The state is mapping out a path to a clean energy future, a goal that augurs fundamental changes in how energy is applied, delivered, and used not only in New Jersey, but also the rest of the country, according to experts and other officials who took part in an NJ Spotlight roundtable Friday.
In a wide-ranging discussion on the state’s energy policies, there was broad consensus on moving forward on the Murphy administration’s targets to have half of the state’s energy come from clean energy by 2030 and all of it by 2050, but also fears of missteps and the need for mid-course corrections along the way.
The discussion occurred as state officials are poised within the next three months to decide whether utility customers fork over hundreds of million of dollars to preserve three nuclear power units in South Jersey and a trio of proposals to develop offshore-wind farms off the Jersey coast. Those projects are projected to cost billions, also funded by ratepayers.
Waiting in the wings are policies to electrify the transportation sector, to revamp the state’s solar sector, to spur less use of gas and electricity, and to figure out the shape and configuration of a much smarter electric grid — all at a time when scientist warn climate change is occurring and we’re running out of time to avert its most dire impacts.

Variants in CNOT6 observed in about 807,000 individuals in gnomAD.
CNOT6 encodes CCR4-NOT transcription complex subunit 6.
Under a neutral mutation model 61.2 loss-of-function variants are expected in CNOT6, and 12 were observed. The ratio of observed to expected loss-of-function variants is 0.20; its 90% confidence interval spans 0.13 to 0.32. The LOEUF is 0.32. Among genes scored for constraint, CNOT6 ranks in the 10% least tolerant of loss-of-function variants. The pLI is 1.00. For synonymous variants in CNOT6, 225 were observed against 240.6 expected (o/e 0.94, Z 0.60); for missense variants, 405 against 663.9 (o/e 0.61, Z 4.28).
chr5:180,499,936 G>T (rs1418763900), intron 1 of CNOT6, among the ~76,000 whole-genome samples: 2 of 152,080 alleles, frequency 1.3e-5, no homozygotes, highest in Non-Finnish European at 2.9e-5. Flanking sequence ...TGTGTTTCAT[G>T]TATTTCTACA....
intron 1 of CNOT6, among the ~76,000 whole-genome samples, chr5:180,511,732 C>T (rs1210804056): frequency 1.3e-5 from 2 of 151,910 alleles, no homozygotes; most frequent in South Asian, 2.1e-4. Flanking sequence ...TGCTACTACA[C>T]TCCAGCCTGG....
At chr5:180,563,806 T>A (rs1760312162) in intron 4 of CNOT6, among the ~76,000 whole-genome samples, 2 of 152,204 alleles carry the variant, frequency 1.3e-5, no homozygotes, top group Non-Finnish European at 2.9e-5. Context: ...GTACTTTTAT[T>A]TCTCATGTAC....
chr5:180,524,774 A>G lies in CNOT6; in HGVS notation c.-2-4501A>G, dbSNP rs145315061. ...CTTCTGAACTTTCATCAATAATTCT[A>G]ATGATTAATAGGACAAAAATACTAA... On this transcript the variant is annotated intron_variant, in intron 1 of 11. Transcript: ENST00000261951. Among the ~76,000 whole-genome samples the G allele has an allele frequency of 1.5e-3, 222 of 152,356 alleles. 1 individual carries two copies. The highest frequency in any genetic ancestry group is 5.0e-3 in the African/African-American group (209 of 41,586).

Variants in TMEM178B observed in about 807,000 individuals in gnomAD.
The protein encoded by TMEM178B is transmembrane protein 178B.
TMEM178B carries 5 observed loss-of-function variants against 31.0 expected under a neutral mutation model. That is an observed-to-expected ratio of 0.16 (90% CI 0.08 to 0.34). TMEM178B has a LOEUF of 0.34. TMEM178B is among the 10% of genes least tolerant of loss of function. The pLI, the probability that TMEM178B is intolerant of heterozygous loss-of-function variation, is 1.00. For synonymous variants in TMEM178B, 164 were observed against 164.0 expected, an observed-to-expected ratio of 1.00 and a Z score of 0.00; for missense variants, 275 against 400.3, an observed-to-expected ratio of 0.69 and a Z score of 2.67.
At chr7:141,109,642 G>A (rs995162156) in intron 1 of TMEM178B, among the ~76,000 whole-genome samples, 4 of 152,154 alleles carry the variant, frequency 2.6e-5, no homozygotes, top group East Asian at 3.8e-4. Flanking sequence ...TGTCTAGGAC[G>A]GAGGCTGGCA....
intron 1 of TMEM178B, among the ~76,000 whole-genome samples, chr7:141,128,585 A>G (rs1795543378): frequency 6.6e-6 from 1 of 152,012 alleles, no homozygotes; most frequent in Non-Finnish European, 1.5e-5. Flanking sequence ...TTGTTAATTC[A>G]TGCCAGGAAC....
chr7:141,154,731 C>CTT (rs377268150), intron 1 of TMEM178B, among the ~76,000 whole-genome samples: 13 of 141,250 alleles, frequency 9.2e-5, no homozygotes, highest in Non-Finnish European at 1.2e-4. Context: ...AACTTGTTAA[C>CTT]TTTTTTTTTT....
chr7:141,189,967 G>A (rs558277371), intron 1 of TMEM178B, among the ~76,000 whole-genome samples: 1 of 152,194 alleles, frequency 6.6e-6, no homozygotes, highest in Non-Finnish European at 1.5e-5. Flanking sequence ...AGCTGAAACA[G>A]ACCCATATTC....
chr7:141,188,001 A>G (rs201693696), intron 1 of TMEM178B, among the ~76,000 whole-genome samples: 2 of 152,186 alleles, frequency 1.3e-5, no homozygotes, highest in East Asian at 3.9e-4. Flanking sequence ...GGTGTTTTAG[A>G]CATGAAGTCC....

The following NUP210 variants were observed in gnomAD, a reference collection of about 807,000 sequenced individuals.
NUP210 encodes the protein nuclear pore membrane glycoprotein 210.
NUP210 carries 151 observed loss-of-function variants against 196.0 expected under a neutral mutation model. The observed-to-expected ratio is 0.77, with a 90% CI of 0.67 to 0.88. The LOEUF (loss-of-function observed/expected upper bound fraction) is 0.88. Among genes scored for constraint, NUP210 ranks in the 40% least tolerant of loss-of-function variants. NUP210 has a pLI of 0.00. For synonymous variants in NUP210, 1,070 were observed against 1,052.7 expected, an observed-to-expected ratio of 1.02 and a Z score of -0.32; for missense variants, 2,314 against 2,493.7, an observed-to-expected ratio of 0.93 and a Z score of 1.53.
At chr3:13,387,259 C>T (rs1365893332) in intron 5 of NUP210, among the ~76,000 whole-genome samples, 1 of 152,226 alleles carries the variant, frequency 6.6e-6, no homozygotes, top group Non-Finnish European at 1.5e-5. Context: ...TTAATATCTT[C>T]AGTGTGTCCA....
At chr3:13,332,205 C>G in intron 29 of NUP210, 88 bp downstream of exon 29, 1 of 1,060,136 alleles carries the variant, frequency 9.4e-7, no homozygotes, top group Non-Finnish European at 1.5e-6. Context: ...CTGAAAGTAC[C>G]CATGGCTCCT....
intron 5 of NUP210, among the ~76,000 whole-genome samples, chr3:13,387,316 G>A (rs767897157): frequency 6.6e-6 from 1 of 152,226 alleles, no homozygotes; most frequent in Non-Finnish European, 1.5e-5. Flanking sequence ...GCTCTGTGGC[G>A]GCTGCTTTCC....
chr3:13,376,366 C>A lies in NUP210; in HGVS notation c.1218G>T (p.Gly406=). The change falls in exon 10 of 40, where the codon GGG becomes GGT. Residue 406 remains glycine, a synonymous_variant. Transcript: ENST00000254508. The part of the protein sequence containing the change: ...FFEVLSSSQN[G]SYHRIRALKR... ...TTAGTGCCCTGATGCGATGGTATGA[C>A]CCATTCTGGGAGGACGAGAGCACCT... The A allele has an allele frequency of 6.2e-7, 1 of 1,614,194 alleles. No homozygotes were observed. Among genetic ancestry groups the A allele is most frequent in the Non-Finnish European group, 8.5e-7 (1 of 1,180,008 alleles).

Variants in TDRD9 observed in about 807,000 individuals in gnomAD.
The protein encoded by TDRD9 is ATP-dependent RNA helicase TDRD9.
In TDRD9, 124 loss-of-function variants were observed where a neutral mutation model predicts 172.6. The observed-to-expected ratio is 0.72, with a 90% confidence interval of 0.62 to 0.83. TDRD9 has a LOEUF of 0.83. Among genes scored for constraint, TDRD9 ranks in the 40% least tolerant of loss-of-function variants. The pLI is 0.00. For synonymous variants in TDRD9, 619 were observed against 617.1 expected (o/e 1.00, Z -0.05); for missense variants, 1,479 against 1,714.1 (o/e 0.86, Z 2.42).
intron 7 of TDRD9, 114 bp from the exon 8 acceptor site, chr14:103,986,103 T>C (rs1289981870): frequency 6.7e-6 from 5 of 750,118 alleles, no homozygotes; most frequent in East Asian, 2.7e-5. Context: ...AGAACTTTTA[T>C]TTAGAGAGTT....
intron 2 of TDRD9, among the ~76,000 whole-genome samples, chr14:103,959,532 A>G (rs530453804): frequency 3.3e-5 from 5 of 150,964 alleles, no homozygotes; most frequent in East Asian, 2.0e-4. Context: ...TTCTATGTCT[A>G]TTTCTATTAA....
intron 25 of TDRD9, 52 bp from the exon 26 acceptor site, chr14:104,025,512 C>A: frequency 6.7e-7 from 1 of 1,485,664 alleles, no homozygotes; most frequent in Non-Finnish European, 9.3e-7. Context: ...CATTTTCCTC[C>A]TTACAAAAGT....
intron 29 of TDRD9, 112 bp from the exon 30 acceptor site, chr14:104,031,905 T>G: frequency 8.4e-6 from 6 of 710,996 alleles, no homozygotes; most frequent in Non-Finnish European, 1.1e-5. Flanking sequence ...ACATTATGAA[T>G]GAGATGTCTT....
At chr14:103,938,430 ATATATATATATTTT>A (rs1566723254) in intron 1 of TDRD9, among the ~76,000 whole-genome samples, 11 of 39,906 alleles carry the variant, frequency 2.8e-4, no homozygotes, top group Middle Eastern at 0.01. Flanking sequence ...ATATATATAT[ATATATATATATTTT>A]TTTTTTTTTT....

“We’re screwed,’’ said Sen. Bob Smith, the chairman of the Senate Environment and Energy Committee, giving an admittedly profane assessment. “I don’t think we have a long time. If you didn’t get whacked in Sandy, get prepared.’’
Smith (D-Middlesex), the sponsor of many of the state’s most meaningful laws to respond and adapt to climate change, has two more bills he expects to introduce this spring: one to require all New Jersey utilities to switch to non-carbon sources of energy by 2050 and a bill to ban hydrofluorocarbons, a potent source of greenhouse gas emissions (GHG).
Weiner, a former president of the New Jersey Board of Public Utilities and former commissioner of the then state Department of Environmental Protection and Energy, said a clean energy law signed last May and a soon-to-be-released Energy Master Plan, provide building blocks to achieve the aggressive clean energy goals.
“What’s missing is the connective tissue that holds them together,’’ Weiner said in a keynote speech before the panel discussions.
“What are our priorities and how do we sequence them? What do we want to do, what do we need to do, and what can we afford to wait on? This will allow the most cost-effective deployment of human and financial resources,’’ he said.
The future energy grid will be built around and rely on distributed energy resources, fewer centralized power plants than exist today, and more localized ways of providing the energy that residents and businesses need, such as solar energy, Weiner said.
Perhaps more importantly, the state will never achieve its clean energy goals without making the power grids smarter. To Weiner, that means a smart, cost-effective deployment of advanced metering infrastructure, systems in place in many other states, but not New Jersey.